Making bricks work
And for some adults, Lego has become part of that professional life. During an internship at Lego’s Future Lab, designer Carlos Arturo Torres created Iko, a prosthetic arm for children which they can customise with Lego pieces, helping to break down stigma. The bricks are used in play therapy, helping children who have been through trauma to tell their stories, and to help those with conditions such as autism to develop social and communication skills.
At BrightBricks, the UK’s only Lego Certified Professional building company, you can have anything built for you: a full-size model of a racehorse, a fairytale winter village, or a 1.7 metre-high electric toothbrush. Philip Webb is one of the company’s full-time professional Lego builders: his favourite build so far has been the Hydra he came up with for the upcoming Mythical Beasts tour. “I started when I was a child and I’ve just kept on with it,” he says. “I did a lot of design-based subjects at school, and to me, it was a different medium to design in. I don’t think I’ll ever grow out of it.”
All you need to do to see Lego’s power over adults, he says, is to visit one of BrightBricks’ exhibitions or events. “We'll be there doing some free building stuff and you'll have the adults who will be rushing over to do it. No matter what the age group, it's accessible to everyone and they all want to have a go. They are blown away by the Lego models that we make, and what can be done with something they remember from their childhood as being so simple.”
And these little bricks are also a hugely powerful tool for adults to express themselves in the workplace and beyond. Jonathan Bannister is the founder and director of strategy at creative marketing and innovation consultancy Make Happy. As an accredited Lego Serious Play (LSP) facilitator, he uses Lego in his workshops for companies, helping colleagues solve problems, communicate better and be creative.
“Lego allows me to get everyone to tell a story,” he says. “I grew up surrounded by Lego and for me, it's always been totally natural to have it around. I love it when people begin to just open up and feel safe telling their stories. Everyone can put Lego bricks together – it’s not the same as, for example, asking everyone to draw something. It democratises the process.”
Initially, he says, people can be resistant to the idea of using Lego to tackle a difficult business conversation, or work out a far-reaching decision. Yet behind the bricks, as the system’s name suggests, is some serious thinking. Jonathan has used the system with companies including a big four accountancy firm, a global investment bank and one of the world’s biggest law firms.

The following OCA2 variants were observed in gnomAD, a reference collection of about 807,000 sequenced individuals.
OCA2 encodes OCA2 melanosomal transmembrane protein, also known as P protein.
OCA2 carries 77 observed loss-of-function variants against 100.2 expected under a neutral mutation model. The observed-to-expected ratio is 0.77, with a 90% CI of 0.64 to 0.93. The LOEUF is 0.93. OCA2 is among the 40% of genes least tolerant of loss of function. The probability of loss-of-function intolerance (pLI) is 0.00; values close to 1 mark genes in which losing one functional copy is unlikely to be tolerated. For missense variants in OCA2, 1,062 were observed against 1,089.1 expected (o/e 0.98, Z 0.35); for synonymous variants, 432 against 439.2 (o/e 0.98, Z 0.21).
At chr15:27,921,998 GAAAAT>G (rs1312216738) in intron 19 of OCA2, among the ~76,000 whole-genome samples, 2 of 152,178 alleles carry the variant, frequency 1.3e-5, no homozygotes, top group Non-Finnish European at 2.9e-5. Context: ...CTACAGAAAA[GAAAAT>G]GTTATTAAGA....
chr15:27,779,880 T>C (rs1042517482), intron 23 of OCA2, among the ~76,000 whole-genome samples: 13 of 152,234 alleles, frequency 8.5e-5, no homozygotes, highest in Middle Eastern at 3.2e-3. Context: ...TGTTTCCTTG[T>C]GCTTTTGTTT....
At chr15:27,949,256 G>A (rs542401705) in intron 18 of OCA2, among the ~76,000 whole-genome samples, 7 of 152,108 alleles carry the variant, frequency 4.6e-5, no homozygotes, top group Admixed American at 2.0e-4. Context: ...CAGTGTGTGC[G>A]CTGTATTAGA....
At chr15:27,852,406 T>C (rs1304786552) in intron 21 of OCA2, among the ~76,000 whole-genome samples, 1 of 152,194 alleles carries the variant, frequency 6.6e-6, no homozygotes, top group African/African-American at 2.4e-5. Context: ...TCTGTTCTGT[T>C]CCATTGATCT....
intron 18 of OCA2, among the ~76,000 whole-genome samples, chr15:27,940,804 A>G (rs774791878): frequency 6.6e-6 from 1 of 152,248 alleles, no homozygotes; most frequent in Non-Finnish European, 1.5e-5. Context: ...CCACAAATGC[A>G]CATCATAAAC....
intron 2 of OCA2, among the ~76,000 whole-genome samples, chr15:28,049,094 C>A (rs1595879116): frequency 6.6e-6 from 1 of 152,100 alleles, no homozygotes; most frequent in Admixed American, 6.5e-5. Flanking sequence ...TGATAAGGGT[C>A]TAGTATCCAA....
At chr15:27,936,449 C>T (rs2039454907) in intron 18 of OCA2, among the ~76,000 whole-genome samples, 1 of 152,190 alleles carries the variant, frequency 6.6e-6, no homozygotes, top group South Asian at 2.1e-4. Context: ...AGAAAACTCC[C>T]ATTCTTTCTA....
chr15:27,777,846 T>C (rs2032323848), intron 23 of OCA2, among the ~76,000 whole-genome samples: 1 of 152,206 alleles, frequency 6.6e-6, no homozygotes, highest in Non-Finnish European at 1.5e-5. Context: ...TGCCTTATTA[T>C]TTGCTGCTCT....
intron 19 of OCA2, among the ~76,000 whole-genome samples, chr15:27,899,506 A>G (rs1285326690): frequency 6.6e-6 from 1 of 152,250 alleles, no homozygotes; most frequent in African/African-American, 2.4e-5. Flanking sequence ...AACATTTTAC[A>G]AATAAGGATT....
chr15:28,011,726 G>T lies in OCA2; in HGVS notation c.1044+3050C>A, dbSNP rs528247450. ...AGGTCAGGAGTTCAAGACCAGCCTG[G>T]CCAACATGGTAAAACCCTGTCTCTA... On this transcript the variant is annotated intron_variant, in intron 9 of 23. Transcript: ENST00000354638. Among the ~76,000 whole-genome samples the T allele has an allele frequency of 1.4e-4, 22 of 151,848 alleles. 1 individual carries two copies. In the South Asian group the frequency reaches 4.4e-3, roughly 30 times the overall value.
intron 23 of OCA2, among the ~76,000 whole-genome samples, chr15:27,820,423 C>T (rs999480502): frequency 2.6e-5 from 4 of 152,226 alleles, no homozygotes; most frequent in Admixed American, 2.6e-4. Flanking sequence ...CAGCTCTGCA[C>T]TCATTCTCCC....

“Some senior people tend to think that they are too important to play with Lego,” says Jonathan. “And I do a lot of reminding people about the theory of play and the importance of creativity. The two academics who first started to work on Lego Serious Play, professors Johan Roos and Bart Victor, were working at the International Institute of Management Development (IMD) in Lausanne.
“The thinking is based on some really interesting work around how decisions are made or not made in organisations. Often, if the atmosphere is too formal, people aren't thinking wide enough. All I do is take you out of your comfort zone, to open up possibilities for new ideas and new thinking.”
Play for today
As George Bernard Shaw famously said: “We don’t stop playing because we grow old: we grow old because we stop playing.” Perhaps the rest of the world has now caught up with adult fans of Lego. They cottoned on, long ago, to the value of play at any age.
“Transactional analysis theory says that we have three distinct ego states: parent, adult and child,” says Lorna. “The child part of us is a very important part. It’s free, it’s emotional, it’s expressive. It’s dormant for much of the time, but it bubbles up when we have the urge, say, to stomp through puddles. And we have to fulfil that. I think we can get so bogged down with adult responsibilities and stresses, and making sure that the job is done, and acting like an adult, that we can forget the sheer joy of doing something for joy's sake.”
Richard agrees. “It's real, it's colourful, it's physical. You have something to show for it at the end of the session, even if it's useless. You can touch it. Knitting might have taken me, if it hadn’t been Lego. It’s the same thing: the joy of creation and of real objects.”